How to avoid those #JanuWorry money blues and not start 2020 in the red

Financial experts share their advice on how to avoid starting the new year in debt.
Financial experts share their advice on how to avoid starting the new year in debt.
Image: Getty Images

It's the most wonderful time of the year - but also the "most expensive", according to experts.

During the December festive season, many people incur additional expenses - including in the spirit of giving and rewarding themselves after a long year.

Financial planner and author Sylvia Walker urged South Africans to exercise extra caution when handling their finances this festive season to avoid starting the year with a negative balance.

“It’s generally an exciting time for a lot of people, but what some don’t realise is that it’s actually the most expensive time of the year,” she said.

A consumer education manager at FNB, Dhashni Naidoo, echoed a similar sentiment. She said January was a particularly long month because most South Africans received paycheques and bonuses a bit early, around mid-December.

“During this time, it's crucial to draw up a spending plan to manage your money for the festive season, in line with your current income and expenses. You must also bear in mind that your salary should last you until the end of January 2020,” she said.

Naidoo shared five money management tips for people to consider in order to enjoy a healthy financial status during this festive season:

  1. Bonus money:  People who will be fortunate enough to receive 13th cheques should consider reviewing their debt and using some of the bonus money to pay off debt and January debit orders. This will go a long way in JanuWorry and will also help improve your financial standing.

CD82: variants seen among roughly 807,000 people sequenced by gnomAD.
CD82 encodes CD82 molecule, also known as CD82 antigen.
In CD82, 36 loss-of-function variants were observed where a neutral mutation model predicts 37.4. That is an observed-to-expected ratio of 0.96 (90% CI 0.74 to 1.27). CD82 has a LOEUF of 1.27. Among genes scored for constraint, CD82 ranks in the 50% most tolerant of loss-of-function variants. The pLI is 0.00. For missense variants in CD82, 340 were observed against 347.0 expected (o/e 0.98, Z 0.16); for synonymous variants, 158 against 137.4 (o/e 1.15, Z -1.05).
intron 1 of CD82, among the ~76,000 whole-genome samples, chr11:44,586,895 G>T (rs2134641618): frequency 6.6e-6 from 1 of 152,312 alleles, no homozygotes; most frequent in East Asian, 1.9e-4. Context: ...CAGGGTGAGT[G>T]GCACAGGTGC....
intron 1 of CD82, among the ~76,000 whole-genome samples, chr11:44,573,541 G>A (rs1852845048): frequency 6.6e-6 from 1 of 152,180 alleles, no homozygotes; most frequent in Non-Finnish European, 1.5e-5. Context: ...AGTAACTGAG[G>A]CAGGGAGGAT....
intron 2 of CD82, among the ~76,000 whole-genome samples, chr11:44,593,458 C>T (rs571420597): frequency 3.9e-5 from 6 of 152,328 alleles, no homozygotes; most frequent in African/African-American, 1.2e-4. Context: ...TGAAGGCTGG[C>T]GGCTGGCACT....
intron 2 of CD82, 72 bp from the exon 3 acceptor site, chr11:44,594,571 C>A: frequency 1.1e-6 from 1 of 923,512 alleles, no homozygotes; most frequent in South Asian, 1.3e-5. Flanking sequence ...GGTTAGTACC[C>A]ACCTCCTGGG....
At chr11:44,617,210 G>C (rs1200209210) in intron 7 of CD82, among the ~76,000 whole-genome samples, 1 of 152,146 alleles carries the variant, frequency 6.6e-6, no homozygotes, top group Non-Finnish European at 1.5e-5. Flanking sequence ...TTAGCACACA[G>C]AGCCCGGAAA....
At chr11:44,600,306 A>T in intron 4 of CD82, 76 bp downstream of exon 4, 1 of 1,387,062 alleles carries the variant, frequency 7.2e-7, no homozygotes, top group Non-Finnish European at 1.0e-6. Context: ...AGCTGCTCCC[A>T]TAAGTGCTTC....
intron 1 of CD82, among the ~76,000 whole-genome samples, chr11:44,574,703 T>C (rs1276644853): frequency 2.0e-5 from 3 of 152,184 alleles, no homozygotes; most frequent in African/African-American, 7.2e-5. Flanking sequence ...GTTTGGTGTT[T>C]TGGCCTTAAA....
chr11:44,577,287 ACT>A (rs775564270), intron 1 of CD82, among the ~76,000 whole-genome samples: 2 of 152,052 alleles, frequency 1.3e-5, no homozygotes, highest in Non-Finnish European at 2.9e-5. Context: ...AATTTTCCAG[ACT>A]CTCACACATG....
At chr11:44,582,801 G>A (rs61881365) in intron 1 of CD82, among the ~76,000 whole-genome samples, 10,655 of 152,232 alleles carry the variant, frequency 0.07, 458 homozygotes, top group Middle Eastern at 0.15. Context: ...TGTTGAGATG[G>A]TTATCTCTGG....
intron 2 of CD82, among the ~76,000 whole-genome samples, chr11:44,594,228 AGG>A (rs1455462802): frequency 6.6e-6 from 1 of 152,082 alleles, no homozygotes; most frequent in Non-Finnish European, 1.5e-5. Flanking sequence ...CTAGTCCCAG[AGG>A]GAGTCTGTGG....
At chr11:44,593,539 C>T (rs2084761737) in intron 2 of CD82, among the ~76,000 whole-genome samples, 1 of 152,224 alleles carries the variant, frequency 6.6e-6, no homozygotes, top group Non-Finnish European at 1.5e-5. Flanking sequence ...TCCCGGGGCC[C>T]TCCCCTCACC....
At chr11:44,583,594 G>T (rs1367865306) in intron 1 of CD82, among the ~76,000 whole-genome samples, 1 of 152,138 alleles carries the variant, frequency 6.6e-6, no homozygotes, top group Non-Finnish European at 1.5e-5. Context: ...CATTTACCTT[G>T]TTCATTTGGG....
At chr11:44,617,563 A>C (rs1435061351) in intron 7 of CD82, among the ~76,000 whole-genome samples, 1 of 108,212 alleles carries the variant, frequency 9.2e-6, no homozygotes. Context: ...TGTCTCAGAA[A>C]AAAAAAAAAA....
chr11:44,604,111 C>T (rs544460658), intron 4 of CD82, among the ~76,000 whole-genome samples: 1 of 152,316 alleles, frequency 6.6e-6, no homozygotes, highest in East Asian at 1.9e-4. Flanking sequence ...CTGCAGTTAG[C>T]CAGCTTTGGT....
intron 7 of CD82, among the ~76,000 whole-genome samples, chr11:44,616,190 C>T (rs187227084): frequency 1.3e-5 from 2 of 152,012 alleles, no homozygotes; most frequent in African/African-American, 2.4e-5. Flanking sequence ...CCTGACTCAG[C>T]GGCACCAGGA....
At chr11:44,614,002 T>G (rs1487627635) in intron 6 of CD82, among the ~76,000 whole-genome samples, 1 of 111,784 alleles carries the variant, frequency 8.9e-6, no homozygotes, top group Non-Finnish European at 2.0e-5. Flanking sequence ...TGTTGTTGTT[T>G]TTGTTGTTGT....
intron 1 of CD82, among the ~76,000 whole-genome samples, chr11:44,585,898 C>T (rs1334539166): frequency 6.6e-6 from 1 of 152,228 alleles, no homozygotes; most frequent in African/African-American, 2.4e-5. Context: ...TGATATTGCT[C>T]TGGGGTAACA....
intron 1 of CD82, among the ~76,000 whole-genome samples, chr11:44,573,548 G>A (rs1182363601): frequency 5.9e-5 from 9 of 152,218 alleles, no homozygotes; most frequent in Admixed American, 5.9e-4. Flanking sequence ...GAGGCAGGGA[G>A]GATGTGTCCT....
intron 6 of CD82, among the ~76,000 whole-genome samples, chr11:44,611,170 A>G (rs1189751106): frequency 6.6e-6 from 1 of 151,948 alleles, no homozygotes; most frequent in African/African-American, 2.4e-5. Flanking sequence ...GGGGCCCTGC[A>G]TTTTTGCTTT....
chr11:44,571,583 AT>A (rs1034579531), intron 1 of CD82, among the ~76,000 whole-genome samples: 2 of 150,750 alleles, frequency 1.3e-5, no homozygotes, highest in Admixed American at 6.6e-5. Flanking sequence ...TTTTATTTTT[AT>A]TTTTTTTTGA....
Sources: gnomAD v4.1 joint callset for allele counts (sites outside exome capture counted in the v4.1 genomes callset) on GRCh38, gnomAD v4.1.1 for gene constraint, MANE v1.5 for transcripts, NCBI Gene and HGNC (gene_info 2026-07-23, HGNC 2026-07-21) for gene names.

2. Review your budget: It is important that you review your monthly spending budget. Avoid the temptation to overspend - rather spend within your means. Don’t be scared to ask for assistance if you are unable to afford certain things - after all, the festive season is a time for sharing.
  3. Stick to your planned budget: It's easy to get carried away and overspend in this silly season. Avoid temptation by using different financial tools to track your spending patterns. 
  4. Don’t do fest with debt: It's all good and well to relax and enjoy the festive season with your loved ones. However, you should never use debt to host expensive gatherings.
  5. Buy in bulk: Plan ahead on what you will need and do research on how much you will spend. You can also look for reduced prices or sales before you buy anything. However, don’t tap into your emergency savings for the festive season.

Meanwhile, consumer credit agency TransUnion warned customers of the top three financial mistakes people make. Jeannine Naudé Viljoen, general counsel at the agency, said not having a budget, not checking credit reports and not saving for the festive season ahead of time were the most common mistakes.

“The best way to save for this season is to use the previous year as a benchmark. From there on, decide if you need to allow more room for spending or cut back a bit. Split the amount you need over 11 months and start saving from the beginning of the year," she said.

Walker also cautioned people against falling prey to mushrooming stokvel scams - and more debt. 

“There are as many [stokvels] as there are days in the year. These schemes are nothing but hot air. They are fuelled by getting new investors to join so that current investors can be paid out the promised high returns," she said.

“If people could try have a bit of investment, clearing debt and a bit of fun, they are likely to start 2020 on a good note financially.”

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